Appointed the 18th Surgeon General by President Obama in 2009, Benjamin spent her four-year term overseeing a global network of public health officers and shifting the national attitude about health from sickness and disease to wellness and prevention. She simultaneously served as the first chair of the National Prevention Council, a consortium of 17 cabinet-level federal agencies. Before that, she founded the Bayou La Batre Rural Health Clinic, a family practice in an underserved Gulf Coast community, addressing the needs of the insured and uninsured and, when necessary, hopping in her pickup truck to reach patients in the most far-flung areas. The first physician under the age of 40 and the first Black woman elected to the board of the American Medical Association, she’s also an advocate helping others establish clinics in other remote areas so that high-poverty communities can still have access to high-quality care.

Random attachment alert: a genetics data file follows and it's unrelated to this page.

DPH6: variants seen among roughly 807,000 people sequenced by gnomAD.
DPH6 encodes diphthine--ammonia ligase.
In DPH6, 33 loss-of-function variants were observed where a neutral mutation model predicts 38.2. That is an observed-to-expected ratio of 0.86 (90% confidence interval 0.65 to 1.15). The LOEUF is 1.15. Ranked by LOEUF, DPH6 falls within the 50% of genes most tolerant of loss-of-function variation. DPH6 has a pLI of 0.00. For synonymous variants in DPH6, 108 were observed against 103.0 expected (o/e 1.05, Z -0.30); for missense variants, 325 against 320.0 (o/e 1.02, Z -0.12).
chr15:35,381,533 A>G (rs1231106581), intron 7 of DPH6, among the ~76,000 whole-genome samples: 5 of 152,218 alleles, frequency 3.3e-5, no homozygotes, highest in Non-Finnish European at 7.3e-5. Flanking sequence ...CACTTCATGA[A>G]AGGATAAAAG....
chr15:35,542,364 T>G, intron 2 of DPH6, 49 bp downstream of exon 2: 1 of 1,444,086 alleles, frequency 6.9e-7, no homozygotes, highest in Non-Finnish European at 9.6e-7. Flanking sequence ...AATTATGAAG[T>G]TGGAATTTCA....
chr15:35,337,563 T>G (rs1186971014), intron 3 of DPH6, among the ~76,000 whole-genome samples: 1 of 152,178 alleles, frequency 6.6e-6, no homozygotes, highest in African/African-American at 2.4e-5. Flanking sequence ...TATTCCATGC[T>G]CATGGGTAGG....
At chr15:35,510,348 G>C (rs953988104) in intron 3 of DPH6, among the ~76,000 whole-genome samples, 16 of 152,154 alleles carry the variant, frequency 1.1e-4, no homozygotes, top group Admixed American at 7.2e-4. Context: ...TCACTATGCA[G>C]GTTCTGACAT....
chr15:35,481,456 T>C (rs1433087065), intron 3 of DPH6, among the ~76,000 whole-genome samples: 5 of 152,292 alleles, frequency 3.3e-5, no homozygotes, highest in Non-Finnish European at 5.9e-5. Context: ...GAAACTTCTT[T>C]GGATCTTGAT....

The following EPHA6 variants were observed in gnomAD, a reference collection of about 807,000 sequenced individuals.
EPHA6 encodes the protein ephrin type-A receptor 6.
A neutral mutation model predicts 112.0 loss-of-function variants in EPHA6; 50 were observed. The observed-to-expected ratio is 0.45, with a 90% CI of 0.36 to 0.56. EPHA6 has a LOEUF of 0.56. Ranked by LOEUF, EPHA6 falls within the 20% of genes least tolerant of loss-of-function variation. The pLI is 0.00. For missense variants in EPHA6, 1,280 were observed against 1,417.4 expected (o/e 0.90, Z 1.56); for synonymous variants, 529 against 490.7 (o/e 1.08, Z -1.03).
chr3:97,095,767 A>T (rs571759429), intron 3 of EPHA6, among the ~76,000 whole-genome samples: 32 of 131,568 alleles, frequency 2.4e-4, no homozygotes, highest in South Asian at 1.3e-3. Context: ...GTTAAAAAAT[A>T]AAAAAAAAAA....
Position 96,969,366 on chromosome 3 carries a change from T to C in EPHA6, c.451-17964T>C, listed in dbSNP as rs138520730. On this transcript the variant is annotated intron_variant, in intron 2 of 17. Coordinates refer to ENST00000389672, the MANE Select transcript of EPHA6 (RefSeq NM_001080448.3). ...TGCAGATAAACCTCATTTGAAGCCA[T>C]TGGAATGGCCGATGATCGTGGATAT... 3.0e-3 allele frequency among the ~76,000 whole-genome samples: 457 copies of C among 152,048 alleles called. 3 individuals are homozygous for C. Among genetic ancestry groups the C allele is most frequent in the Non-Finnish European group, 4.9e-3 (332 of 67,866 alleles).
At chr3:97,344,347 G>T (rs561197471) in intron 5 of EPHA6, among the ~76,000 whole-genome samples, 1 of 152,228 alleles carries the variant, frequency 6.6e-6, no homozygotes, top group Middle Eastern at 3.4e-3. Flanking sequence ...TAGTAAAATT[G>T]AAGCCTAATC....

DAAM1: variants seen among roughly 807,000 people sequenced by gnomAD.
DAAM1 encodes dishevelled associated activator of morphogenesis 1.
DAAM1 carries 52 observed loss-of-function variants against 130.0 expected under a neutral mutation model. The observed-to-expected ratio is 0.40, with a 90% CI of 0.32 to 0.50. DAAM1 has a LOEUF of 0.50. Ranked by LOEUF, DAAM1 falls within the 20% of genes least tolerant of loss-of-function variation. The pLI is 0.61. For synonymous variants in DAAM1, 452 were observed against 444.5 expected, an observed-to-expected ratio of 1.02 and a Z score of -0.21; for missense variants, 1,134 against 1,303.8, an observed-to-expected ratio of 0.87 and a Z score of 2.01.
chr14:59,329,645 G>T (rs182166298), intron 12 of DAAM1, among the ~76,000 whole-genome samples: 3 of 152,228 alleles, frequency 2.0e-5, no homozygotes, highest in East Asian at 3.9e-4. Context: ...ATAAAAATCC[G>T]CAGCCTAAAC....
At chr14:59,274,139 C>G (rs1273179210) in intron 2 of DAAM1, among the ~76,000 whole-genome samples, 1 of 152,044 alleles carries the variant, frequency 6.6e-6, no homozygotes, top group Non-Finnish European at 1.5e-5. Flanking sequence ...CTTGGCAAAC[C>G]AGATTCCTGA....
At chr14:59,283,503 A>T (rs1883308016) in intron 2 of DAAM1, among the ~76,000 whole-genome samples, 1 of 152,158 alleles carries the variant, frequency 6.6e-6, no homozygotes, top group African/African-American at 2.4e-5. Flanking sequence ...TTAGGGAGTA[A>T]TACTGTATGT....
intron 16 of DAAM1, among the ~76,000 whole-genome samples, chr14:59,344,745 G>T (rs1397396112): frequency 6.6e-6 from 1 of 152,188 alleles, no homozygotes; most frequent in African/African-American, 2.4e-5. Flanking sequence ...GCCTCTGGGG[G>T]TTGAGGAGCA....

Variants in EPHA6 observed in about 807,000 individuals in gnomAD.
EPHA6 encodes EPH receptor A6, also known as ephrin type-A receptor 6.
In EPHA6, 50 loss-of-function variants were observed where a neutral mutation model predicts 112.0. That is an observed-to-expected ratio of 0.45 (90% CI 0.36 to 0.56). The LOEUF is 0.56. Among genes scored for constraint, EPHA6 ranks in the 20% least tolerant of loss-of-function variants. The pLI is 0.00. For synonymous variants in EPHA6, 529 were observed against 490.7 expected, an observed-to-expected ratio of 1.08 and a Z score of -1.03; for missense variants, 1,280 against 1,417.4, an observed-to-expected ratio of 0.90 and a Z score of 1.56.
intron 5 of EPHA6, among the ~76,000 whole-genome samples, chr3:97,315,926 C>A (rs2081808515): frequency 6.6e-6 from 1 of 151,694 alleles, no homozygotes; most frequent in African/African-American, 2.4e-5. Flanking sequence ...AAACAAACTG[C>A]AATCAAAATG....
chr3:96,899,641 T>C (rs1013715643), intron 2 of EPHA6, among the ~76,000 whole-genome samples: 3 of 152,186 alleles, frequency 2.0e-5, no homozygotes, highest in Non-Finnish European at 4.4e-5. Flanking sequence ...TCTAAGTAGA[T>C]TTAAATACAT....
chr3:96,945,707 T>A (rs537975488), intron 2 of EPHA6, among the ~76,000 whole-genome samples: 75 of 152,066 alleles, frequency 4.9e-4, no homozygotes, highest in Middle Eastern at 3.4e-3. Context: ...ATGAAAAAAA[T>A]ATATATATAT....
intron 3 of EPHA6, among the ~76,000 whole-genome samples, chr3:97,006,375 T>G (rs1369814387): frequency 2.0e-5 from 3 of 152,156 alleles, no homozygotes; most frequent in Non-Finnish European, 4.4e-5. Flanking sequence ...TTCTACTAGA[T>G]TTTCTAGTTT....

After months of stalling, the Senate finally confirmed Dr. Benjamin to be the nation's top doctor.
Nov, 01, 2009

The Senate, by voice vote, unanimously confirmed Dr. Regina Benjamin as the nation's surgeon general on Thursday evening. Earlier in the day, the majority leader, Senator Harry Reid, complained that Republicans were holding up the nomination. President Obama gave her the nod in July. Dr. Benjamin, 53 years old, is the third African-American to hold the post.

Dr. Benjamin was a family practice doctor, and founder of health care clinic in Bayou La Batre, Alabama. The clinic was badly damaged by Hurricane Katrina in 2005 and burned to the ground several years ago but Benjamin rebuilt it and continued to offer medical care to the village's 2,500 residents. She was the first African-American woman board member of the American Medical Association, and she just served a term as chairwoman of the group's Council on Ethical and Judicial Affairs.

Dr. Benjamin promised to use her post "to be America's doctor, America's family physician."

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